Emacs org-mode is very powerful tool for personal knowledge management, but can be hard to learn, makes it hard to have the same content (notes) referenced in more than one place, and can be awkward for the hands.
Finding other tools inadequate for various reasons, I wrote OneModel to meet my own needs, and made it available. If you touch-type, it is extremely fast for to-do lists and notes of all kinds, and I generate the project web site from part of its data. It is much easier to learn and faster to navigate than emacs, and you can have the same content in as many places as desired, without duplication.
But it wants to be more: It uses an internal structure that has big future ideas for knowledge management, like embedding code within groups of entities, or linking across OneModel instances, so you can choose to share data from your personal organizer, or subscribe to (or copy) data from other instances: like a wikipedia but where the internal knowledge is structured so can be used for computation, rich queries etc. Imagine asking a system: what villages in history had economic improvements in a 4-year period, all external conditions being equal, and what do those cases all have in common?--that is the long-term vision of the system. The vision and internal structure are intended as be a prototype of a platform to manage all mankind's knowledge as a usefully computable whole.
The web site has a few screen shots (remember it's an ugly prototype but works well! -- I have my calendar/life notes/todos/contacts etc in it now) and a demo system to play with without installing anything.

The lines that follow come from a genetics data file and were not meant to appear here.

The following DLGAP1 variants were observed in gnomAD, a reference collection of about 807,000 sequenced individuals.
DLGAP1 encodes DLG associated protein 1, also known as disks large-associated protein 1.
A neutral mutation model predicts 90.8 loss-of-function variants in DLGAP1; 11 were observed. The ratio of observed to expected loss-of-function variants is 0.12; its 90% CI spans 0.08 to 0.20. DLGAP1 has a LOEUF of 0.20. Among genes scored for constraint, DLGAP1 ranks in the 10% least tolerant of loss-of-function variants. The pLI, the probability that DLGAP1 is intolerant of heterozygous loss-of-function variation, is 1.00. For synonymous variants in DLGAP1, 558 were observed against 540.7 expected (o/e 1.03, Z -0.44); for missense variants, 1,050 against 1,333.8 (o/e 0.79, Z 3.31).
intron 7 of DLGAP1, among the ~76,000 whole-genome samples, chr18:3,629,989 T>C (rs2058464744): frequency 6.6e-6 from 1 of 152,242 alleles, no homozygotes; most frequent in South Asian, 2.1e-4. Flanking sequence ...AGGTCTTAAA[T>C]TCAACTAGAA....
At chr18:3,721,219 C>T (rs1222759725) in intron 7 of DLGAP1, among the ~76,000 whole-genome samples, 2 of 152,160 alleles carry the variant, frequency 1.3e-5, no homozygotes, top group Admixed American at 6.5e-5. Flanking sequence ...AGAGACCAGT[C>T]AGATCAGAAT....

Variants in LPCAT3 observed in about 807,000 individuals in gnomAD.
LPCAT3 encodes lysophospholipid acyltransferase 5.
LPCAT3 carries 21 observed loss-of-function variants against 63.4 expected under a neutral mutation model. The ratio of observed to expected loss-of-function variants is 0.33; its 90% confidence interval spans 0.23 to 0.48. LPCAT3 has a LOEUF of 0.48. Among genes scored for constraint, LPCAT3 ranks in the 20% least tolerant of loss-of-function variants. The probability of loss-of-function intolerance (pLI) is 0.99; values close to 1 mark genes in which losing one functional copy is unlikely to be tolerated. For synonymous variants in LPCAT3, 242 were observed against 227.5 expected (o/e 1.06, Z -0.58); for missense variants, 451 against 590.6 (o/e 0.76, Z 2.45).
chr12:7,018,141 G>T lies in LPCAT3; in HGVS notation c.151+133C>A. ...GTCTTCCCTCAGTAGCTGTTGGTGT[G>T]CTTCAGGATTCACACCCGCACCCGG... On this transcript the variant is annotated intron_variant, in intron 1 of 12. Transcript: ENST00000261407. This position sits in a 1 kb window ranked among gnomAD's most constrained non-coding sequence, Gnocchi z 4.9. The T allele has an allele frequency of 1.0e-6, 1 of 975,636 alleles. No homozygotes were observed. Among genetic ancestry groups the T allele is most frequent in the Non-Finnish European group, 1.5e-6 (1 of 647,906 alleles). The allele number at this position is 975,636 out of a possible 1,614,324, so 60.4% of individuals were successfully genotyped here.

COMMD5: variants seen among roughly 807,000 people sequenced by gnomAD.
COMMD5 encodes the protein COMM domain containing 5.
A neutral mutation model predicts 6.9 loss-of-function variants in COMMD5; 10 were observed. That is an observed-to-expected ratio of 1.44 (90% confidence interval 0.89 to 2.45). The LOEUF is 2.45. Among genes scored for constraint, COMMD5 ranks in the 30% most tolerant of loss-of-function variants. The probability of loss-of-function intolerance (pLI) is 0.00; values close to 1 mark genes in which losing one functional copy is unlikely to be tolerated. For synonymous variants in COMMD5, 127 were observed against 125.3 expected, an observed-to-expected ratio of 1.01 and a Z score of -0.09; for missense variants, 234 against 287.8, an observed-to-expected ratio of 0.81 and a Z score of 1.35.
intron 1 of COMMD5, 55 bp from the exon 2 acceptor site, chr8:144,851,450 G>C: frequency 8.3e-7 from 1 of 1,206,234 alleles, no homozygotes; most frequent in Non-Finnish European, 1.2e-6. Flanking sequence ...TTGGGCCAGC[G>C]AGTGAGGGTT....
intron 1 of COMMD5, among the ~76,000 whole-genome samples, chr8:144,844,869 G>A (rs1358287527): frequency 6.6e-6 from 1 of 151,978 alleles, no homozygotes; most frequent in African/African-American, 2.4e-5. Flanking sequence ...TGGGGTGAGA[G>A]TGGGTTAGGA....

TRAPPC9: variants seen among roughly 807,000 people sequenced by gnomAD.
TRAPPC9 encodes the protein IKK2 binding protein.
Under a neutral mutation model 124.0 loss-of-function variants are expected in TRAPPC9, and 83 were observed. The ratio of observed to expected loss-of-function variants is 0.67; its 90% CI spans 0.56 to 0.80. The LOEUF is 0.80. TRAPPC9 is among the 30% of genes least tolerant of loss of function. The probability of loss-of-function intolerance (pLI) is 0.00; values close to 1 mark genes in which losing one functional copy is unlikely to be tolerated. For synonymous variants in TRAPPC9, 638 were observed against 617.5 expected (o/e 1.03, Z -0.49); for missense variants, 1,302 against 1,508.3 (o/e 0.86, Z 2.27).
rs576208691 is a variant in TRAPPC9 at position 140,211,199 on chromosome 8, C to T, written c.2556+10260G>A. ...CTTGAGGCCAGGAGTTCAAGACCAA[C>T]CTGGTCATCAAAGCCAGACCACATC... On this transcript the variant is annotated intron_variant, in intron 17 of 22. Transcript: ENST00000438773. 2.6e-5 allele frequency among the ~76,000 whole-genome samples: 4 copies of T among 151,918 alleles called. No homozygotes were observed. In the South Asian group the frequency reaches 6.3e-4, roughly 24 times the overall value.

(It is written in scala, using a simple/approachable coding style that should be readable by most programmers with just minutes of scala knowledge--I hope--and uses postgresql for the data.)
I frankly don't mind if someone else takes the ideas and does a better job with them: we can do better than managing mankind's knowledge in the form of huge sophisticated piles of words: words are not the real knowledge but a superstrate over it, and they are hard to compute well. Feedback welcome.
Thanks for bringing that up.
1) I think the data model needs to evolve farther and faster than any individual or consensus will allow, so any ontology breaks down when trying to cope with our very-much-in-progress-for-a-long-time effort to understand reality and write what we learn.2) That has the problem of being based on human language, which is fickle etc etc as I've tried to write somewhat on my web site, if you browse through the links under "vision" (which itself is buried under "More about..." or FAQs):
http://onemodel.org/1/e-9223372036854615514.html [onemodel.org]...and under the FAQs where I mention the semantic web (currently the 5th bullet here):
. If you have time to digest some of those things to see how the OM vision differs from anything that uses words at the lowest level, I'd be very interested in your feedback.